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The nation’s toughest child predator legislation signed into law in California

California Gov. Arnold Schwarzenegger signed into law one of the nation’s toughest child predator legislation aptly named after teenager Chelsea King who captured the country’s attention when her life was cut short by a repeat child predator.

“My single greatest priority as governor is to protect the safety and well being of all Californians,” said Governor Schwarzenegger. “When a terrible tragedy like what happened to Chelsea King and Amber Dubois occurs, we have to review the laws in place and see where improvements or changes can be made to make our state safer and make it tougher on the predators who want to create victims out of innocent Californians. I am proud to sign these bills today that will do just that.”

The ceremonial bill signing got off to a rainy start at San Diego’s Balboa Park; Gov. Schwarzenegger was joined by Chelsea’s parents, Brent and Kelly King, and the bill’s author, State Assemblyman Nathan Fletcher (R-San Diego), San Diego Mayor Jerry Sanders, Assembly Speaker John Perez, (D-Los Angeles), and Sen. Dennis Hollingsworth, (R-Murrieta). Amber Dubois’ mother was also in attendance showing her support for the newly-minted sexual predator law.

Assembly Bill 1844, also known as Chelsea’s Law, requires a life sentence without the possibility of parole for forcible sex acts against children. It will also strengthen sex offense parole guidelines and entail lifelong GPS tracking for some sex offenders. The law will set tough parole guidelines for officers to follow in an effort to prevent another tragedy.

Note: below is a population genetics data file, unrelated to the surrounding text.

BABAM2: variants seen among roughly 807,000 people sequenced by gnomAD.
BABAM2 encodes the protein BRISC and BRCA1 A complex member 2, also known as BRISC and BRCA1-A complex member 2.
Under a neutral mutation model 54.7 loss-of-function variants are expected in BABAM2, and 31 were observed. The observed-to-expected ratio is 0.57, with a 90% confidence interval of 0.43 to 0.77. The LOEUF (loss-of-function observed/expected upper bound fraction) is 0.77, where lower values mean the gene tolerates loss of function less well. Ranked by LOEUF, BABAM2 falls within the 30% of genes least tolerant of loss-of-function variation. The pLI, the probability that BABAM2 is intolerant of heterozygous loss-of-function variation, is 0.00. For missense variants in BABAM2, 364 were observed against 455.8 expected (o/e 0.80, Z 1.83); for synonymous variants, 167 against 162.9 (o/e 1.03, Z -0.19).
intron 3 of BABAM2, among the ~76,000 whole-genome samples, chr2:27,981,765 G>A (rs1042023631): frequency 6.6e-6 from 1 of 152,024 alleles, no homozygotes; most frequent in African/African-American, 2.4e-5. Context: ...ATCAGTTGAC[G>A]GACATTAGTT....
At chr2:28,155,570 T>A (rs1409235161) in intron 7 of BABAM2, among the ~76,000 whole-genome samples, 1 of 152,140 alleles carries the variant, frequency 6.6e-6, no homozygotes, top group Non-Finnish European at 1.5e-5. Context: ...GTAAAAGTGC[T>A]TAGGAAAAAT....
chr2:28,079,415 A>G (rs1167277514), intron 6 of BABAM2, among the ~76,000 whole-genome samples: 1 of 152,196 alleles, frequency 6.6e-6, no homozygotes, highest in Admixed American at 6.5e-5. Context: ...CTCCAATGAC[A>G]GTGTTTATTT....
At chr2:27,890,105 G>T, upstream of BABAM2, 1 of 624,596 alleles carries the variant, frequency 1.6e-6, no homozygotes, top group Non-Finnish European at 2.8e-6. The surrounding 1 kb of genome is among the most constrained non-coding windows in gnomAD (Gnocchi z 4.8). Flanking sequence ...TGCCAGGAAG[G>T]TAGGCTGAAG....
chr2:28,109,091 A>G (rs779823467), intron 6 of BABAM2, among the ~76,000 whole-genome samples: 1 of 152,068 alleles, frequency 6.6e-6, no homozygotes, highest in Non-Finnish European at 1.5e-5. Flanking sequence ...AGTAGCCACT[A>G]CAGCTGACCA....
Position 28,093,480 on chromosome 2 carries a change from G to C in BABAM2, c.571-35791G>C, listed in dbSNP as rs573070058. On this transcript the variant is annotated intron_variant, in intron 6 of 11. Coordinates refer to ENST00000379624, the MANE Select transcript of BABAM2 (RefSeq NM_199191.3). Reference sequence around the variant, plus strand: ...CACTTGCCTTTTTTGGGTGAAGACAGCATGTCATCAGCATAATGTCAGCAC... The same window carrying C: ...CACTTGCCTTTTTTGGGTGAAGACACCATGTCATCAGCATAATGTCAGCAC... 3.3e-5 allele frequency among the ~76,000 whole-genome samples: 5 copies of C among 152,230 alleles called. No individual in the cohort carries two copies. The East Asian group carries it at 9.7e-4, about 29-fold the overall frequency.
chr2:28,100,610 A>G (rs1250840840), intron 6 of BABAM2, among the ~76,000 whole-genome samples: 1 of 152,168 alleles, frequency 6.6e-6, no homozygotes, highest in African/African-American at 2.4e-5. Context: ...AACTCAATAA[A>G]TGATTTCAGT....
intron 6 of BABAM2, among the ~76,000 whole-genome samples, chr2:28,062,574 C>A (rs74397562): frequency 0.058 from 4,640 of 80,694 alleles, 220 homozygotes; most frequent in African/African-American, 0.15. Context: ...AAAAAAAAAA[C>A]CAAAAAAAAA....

The Chelsea law legislation was approved unanimously by the state Senate and Assembly in record time. All the lawmakers in attendance spoke repeatedly about the bipartisanship of this bill and expressed hope they could work together on other issues because of Chelsea’s law.

King was murdered and raped near her home in Poway at Ranchero Bernardo Park, where she often went for an afternoon jog, on Feb. 25. Her killer was registered sex offender John Albert Gardner, who buried the 17-year-old in a shallow grave along the shore of Lake Hodges inside the park.

Two time murderer, Gardner brokered a plea deal and was sentenced to two life terms without the possibility of parole for killing and sexually assaulting King and also for abducting, raping and stabbing 14-year-old Amber Dubois of Escondido the previous year.

“Because of Chelsea, everyone has joined together to solve this serious problem in our state,’’ Schwarzenegger somberly said. “Because of Chelsea, California’s children will be safer. Because of Chelsea, this never has to happen again.”

Fletcher, the author of the new law said Chelsea’s Law which became law immediately, puts the state of California at the forefront when dealing with violent sex offenders.

“We are about to see signed into law a sweeping piece of legislation that will better protect our children, who are the most vulnerable, the most innocent, the most precious,” Fletcher said. “Today is a very good day for them.”